British Columbia

Lack of charging stations in B.C. condos impeding use and purchase of electric vehicles

A Metro Vancouver report found that, although adoption of electric vehicles is key for the region to reduce its carbon emissions, there currently isn't enough infrastructure in multi-residential buildings to support drivers to charge them at home.

Most stratas willing to install charging stations but face multiple challenges, condo association says

Electric vehicle chargers in Metro Vancouver condo buildings are scarce, despite a growing demand for them. (Ben Nelms/CBC)

Drivers in British Columbia are keener than ever to buy electric vehicles, but the lack of charging stations in condo buildings is a major impediment.

That's one of the findings of a report that was discussed at the Metro Vancouver Climate Action Committee on Friday. The report found that, although adoption of electric vehicles is key for the region to reduce its carbon emissions, there currently isn't enough infrastructure in multi-residential buildings to support drivers wanting to charge them at home.

In Vancouver alone, 62 per cent of homes surveyed in the 2016 census were apartments. 

University of British Columbia business professor Werner Antweiler is familiar with the struggles of installing charging stations from scratch.

Antweiler, who researches environmental economics, including electric vehicle adoption, helped to retrofit his 61-unit building to include charging stations for about a third of the units. He says the process took three years from start to finish. 

"I was officially professionally interested and nerdy enough to actually have enjoyed the process," he said. "But it took a lot of effort from a couple of really dedicated people to make it happen."

UBC professor Werner Antweiler says public charging stations for electric vehicles are still sparse, driving a need for more drivers to charge their cars at home. (Ben Nelms/CBC)

First, the changes had to be approved by a 75 per cent majority of the building's owners at a special meeting of the strata — the committee of volunteer owners that govern most privately-owned apartments in B.C. The strata's bylaws had to be changed to allow those who needed the extra power to pay for it themselves directly. 

Then, they had to hire a contractor to figure out if their 15-year-old building could even handle the extra power needs. Along the way were myriad other technical challenges and decisions that had to be figured out.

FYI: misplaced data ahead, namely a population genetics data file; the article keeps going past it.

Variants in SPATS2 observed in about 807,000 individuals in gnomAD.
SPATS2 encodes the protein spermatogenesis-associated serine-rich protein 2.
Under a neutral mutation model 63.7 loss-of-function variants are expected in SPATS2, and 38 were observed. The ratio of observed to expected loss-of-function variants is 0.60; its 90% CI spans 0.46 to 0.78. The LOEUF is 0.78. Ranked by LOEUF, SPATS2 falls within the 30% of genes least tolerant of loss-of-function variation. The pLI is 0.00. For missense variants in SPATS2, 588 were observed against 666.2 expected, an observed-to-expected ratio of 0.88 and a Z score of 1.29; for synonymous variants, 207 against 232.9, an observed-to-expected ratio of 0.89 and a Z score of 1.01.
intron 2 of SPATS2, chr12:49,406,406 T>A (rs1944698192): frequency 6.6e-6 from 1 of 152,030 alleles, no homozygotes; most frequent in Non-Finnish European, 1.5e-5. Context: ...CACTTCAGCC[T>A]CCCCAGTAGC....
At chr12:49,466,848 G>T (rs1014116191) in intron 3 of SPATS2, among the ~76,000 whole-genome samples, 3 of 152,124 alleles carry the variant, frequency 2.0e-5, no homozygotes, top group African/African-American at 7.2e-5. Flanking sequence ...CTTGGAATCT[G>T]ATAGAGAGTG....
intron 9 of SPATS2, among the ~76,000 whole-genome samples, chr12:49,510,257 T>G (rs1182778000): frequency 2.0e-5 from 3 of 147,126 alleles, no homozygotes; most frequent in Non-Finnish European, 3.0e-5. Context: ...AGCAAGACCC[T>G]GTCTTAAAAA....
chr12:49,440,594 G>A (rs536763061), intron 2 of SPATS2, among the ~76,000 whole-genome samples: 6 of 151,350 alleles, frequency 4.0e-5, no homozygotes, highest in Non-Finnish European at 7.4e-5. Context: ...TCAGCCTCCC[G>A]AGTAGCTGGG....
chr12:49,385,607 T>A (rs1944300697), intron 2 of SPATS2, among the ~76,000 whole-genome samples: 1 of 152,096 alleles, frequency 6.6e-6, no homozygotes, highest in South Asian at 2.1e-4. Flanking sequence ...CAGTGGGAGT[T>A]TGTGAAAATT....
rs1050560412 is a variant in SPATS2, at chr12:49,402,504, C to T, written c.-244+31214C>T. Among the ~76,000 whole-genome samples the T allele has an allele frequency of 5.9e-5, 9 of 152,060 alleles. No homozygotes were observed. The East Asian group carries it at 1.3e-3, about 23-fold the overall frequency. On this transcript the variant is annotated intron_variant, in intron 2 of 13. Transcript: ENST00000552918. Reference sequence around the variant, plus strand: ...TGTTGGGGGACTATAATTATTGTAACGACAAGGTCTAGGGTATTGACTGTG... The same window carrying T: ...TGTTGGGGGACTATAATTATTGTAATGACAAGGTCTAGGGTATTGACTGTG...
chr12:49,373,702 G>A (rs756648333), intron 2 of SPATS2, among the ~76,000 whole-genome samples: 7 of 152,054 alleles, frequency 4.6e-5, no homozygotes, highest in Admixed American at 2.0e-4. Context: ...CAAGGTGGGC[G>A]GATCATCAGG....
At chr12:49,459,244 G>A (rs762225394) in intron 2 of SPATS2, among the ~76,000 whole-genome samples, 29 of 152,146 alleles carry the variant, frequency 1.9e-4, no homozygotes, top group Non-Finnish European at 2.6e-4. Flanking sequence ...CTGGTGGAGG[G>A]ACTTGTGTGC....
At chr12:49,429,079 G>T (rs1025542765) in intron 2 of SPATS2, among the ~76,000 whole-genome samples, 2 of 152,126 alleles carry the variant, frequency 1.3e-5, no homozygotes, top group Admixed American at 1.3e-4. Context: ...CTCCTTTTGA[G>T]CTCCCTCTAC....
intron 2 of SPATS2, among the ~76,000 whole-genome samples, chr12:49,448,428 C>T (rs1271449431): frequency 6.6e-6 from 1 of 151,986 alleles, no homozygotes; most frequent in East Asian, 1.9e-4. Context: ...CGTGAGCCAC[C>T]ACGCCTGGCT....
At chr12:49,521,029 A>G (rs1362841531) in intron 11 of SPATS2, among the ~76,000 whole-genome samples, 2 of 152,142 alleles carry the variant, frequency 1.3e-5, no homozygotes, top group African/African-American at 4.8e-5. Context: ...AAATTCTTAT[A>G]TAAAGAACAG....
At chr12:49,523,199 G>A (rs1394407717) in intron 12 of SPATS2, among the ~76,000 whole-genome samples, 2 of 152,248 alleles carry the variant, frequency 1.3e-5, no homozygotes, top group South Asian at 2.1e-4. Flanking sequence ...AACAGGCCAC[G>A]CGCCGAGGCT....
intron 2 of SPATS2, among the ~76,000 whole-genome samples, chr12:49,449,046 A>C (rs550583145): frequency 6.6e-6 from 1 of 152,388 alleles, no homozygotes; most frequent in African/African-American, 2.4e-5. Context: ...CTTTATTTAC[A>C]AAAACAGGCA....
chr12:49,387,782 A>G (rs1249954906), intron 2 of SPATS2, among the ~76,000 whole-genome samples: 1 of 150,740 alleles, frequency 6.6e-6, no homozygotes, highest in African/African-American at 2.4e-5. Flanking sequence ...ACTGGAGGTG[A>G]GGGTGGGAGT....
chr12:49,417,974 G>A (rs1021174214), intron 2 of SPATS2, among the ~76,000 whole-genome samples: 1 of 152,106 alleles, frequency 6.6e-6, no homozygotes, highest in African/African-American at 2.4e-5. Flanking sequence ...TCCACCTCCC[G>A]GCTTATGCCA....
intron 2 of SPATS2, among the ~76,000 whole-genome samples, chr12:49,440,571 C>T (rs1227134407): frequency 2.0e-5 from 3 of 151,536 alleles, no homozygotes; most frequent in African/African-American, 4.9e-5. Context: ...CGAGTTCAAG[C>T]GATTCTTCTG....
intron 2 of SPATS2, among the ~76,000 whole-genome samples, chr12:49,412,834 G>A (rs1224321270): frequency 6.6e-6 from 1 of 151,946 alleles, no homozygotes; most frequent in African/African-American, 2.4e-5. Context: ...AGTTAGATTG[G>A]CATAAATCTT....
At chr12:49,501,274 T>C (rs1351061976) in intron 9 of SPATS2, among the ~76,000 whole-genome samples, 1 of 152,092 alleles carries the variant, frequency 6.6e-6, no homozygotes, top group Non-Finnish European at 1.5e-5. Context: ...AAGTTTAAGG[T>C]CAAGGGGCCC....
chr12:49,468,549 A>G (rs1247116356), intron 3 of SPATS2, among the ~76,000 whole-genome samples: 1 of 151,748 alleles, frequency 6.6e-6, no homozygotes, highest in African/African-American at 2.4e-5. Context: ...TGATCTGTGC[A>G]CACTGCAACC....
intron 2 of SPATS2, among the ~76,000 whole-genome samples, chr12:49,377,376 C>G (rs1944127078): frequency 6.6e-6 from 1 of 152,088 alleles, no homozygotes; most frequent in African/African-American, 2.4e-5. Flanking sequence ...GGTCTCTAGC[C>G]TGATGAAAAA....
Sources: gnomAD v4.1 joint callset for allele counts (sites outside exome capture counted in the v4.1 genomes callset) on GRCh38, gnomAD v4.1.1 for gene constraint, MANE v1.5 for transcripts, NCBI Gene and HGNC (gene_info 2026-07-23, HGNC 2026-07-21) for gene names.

While the strata paid a nominal amount for a feasibility study, the 25 condo owners who got a charging station in their parking spot each paid between $3,000 and $6,000. Antweiler says they're hoping to recoup 50 per cent of those costs through the province's EV charger rebate program, which closed Feb. 28 but is likely to be renewed. 

"We need to have charging essentially close to home to make it an interesting proposition for car owners," Antweiler said. "And we're still far away from getting us to that point, because the infrastructure we currently have for public charging ... is still pretty sparse."

B.C. Hydro says there are 2,500 public charging stations throughout the province and more on their way this year.

As for the rebate program, it says, by the end of 2020, 377 EV charging stations had been installed in condo and apartments buildings since 2018.

All EVs in B.C. by 2040

British Columbia is aiming to have all personal vehicles on the road be electric by 2040.

Electric vehicles are selling in record numbers in the province, and a recent survey from KPMG suggests that 68 per cent of Canadians who plan to buy a new vehicle in the next five years are likely to buy electric. 

And car manufacturers are increasingly onboard with building more electric models. In 2019, Volkswagen pledged to make all of its vehicles electric by 2026. 

Tony Gioventu, executive director of the Condominium Home Owners Association of B.C., says most stratas are willing to install charging stations but face multiple challenges. 

Gioventu says even some newer buildings on the market aren't equipped to accommodate charging stations — either because of the way their power is distributed or because their bylaws assign specific parking stalls to units. 

"It isn't just that there's a reluctance or resistance," he said. "It's just really daunting."

A survey from KPMG suggests that nearly 70 per cent of Canadians interested in buying a new car in the next five years would like an electric vehicle. (Ben Nelms/CBC)

Government support and regulations

Some municipalities have mandated that all new buildings have the capacity to accommodate charging stations, and Gioventu says he would like to see more of those types of regulations.

But that still leaves a lot of buildings that don't have the right infrastructure in place, and a volunteer committee to figure out how to navigate the regulations in place to upgrade it.

Luckily, Gioventu says, there are companies that can help move the process along. But it still takes six months to two years for charging stations to be installed. 

What Gioventu would like to see is a rebate program that helps entire buildings restructure their electrical systems rather than a piecemeal approach that funds individual drivers. 

"In the long term it would be substantially less expensive rather than individual stations being modified," he said.

BC Hydro says if the rebate program is approved again in this year's budget, it would include a separate program for condo and apartment buildings to fund assessment, infrastructure development and installation of electric vehicle charges.


Maryse Zeidler


Maryse Zeidler is a reporter for CBC News in Vancouver, covering news from across British Columbia. You can reach her at


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